Sumary of FDA official hopeful younger kids can get shots this year:
- The Food and Drug Administration’s vaccine chief said Friday the agency will rapidly evaluate COVID-19 vaccinations for younger children as soon as it gets the needed data — and won’t cut corners.
- Dr. Peter Marks told The Associated Press he is “very, very hopeful” that vaccinations for 5- to 11-year-olds will be underway by year’s end.
- Maybe sooner: One company, Pfizer, is expected to turn over its study results by the end of September, and Marks say the agency hopefully could analyze them “in a matter of weeks.
- ”In the U.S., anyone 12 and older is eligible for COVID-19 vaccines.
- But with schools reopening and the delta variant causing more infections among kids, many parents are anxiously wondering when younger children can get the shots.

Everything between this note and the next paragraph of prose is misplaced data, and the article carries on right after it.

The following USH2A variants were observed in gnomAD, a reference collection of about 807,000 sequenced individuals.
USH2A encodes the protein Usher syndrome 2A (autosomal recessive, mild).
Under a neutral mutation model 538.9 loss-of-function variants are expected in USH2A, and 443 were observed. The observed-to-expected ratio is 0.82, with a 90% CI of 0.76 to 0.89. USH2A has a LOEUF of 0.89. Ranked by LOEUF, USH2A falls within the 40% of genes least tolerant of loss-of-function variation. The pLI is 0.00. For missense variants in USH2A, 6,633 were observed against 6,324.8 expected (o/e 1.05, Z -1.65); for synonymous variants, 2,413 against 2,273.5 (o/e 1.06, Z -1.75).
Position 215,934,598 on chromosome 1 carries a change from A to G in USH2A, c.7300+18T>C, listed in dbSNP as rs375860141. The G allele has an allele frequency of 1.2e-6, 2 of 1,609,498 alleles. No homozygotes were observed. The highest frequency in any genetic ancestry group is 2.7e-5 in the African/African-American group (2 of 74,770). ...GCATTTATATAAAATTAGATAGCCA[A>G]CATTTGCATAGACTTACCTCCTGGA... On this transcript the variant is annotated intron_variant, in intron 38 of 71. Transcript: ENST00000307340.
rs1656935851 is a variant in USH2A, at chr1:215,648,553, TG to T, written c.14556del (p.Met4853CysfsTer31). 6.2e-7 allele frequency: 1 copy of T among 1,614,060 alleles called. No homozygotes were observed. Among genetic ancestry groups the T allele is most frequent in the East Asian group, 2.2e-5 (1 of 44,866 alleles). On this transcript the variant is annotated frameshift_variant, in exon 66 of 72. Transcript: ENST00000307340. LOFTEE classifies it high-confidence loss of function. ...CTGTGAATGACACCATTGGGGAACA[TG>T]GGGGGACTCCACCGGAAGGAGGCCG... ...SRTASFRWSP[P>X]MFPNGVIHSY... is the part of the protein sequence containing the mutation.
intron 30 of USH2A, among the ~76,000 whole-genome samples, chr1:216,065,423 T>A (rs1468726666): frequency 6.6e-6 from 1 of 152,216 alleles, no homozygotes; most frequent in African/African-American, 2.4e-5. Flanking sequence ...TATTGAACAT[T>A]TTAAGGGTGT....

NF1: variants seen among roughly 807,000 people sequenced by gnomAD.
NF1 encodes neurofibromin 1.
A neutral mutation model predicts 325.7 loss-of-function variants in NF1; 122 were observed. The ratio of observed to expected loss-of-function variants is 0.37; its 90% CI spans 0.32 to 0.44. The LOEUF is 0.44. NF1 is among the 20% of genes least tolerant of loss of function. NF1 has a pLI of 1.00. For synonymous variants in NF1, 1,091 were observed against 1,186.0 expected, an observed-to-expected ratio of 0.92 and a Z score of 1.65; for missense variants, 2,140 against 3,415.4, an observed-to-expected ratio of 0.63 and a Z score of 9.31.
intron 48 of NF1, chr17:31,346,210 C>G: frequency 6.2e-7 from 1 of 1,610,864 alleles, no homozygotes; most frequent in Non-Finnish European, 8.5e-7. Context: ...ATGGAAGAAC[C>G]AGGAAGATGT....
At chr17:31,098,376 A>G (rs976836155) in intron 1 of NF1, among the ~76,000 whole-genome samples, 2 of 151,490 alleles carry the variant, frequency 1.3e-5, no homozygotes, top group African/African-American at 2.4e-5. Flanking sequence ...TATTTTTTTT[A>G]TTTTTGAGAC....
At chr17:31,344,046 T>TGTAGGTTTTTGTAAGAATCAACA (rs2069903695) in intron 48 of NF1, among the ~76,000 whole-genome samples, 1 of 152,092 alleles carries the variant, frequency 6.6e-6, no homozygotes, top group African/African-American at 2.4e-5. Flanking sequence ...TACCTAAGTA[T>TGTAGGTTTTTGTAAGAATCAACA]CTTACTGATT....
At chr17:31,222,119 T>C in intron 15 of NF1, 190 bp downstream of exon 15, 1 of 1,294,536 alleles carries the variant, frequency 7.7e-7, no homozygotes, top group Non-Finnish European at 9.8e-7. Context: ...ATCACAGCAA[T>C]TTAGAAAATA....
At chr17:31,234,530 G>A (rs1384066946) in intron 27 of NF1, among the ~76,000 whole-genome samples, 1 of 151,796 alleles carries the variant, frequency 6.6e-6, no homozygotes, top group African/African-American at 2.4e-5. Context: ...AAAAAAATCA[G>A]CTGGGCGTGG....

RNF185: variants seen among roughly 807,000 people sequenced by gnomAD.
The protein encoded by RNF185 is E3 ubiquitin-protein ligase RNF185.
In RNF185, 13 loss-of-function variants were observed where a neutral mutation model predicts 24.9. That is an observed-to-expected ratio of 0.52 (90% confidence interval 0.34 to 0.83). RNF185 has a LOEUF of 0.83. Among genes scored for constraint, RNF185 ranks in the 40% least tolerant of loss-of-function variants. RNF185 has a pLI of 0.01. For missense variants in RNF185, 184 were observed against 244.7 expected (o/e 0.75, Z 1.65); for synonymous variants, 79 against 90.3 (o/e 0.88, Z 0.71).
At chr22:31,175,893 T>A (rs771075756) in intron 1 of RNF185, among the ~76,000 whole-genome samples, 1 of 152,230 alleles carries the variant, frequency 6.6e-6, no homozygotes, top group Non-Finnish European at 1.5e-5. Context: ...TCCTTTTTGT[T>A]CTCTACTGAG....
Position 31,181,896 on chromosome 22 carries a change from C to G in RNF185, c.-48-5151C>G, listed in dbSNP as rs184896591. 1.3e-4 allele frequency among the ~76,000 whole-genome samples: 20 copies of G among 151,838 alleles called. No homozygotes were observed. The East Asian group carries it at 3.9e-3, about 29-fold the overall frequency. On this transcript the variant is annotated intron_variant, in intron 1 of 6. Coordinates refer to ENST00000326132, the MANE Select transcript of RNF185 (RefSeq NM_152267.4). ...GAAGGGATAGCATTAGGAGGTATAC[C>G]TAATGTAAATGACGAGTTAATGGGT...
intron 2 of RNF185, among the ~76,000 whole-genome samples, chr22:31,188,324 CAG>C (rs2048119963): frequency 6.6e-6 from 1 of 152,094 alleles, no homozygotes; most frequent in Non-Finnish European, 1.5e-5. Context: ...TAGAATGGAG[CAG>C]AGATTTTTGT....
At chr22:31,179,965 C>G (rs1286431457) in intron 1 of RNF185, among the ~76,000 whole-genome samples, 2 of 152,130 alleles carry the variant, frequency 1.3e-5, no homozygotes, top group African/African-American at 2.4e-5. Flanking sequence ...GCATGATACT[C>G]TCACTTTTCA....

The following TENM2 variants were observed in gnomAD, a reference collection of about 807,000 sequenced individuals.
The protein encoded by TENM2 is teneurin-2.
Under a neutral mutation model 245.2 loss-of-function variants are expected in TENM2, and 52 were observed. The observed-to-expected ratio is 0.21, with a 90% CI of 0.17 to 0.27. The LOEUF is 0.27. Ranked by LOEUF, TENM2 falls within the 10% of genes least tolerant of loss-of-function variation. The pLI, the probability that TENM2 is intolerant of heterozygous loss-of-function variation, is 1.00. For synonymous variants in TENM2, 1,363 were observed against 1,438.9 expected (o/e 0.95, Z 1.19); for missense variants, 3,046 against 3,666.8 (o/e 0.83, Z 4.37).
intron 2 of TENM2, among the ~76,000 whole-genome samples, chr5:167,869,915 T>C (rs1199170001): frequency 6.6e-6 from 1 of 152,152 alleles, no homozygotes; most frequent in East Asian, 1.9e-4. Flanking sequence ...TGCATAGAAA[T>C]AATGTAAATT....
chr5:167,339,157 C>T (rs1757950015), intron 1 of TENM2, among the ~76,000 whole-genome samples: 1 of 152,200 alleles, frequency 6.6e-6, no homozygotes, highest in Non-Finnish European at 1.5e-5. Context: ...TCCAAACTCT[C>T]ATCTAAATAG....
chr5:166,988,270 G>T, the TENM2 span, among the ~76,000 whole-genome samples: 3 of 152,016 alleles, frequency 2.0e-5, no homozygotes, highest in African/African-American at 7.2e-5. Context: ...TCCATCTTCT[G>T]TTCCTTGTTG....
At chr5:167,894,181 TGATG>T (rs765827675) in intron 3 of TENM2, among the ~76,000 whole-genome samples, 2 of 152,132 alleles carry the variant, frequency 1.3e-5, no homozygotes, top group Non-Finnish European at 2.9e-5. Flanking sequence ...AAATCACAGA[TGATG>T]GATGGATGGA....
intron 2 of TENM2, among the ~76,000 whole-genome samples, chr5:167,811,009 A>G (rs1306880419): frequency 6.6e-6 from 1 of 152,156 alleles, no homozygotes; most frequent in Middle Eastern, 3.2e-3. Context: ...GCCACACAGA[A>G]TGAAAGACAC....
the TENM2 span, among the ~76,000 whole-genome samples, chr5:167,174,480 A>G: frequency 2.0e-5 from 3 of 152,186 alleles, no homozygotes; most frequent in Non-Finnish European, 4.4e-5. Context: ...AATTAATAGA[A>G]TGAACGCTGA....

- Pfizer’s German partner BioNTech told weekly Der Spiegel Friday that it was on track “in the coming weeks” to seek approval of the companies’ COVID-19 vaccine for 5- to 11-year-olds.
- FDA’s Marks spoke with the AP Friday about the steps involved in clearing pediatric vaccines.
- Q: Many parents had hoped for vaccines for children under 12 by the time schools reopened.